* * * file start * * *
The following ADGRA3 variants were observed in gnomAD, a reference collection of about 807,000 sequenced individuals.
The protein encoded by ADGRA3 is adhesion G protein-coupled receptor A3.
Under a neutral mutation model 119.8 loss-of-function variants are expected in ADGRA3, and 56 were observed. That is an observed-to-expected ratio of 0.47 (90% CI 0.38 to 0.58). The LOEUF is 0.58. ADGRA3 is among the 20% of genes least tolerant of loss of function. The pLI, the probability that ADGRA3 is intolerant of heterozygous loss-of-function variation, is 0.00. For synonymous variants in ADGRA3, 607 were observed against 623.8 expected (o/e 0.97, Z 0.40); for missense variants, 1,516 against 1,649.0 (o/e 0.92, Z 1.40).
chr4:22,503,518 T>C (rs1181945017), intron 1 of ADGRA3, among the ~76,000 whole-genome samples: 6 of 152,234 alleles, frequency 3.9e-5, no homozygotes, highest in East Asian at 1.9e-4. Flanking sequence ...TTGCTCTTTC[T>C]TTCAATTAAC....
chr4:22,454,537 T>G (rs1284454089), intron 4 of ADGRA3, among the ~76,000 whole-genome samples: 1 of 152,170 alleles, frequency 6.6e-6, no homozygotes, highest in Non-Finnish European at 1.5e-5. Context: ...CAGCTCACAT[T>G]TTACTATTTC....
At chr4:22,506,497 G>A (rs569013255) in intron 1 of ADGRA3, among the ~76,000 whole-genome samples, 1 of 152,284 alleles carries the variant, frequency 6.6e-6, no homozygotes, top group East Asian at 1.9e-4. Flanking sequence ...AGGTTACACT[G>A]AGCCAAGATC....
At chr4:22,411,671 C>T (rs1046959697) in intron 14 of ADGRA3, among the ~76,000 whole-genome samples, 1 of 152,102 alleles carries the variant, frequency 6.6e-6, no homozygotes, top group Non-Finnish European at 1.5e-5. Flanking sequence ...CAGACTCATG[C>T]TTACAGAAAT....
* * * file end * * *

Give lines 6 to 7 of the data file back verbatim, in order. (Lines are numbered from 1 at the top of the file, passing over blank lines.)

At chr4:22,506,497 G>A (rs569013255) in intron 1 of ADGRA3, among the ~76,000 whole-genome samples, 1 of 152,284 alleles carries the variant, frequency 6.6e-6, no homozygotes, top group East Asian at 1.9e-4. Flanking sequence ...AGGTTACACT[G>A]AGCCAAGATC....
At chr4:22,411,671 C>T (rs1046959697) in intron 14 of ADGRA3, among the ~76,000 whole-genome samples, 1 of 152,102 alleles carries the variant, frequency 6.6e-6, no homozygotes, top group Non-Finnish European at 1.5e-5. Flanking sequence ...CAGACTCATG[C>T]TTACAGAAAT....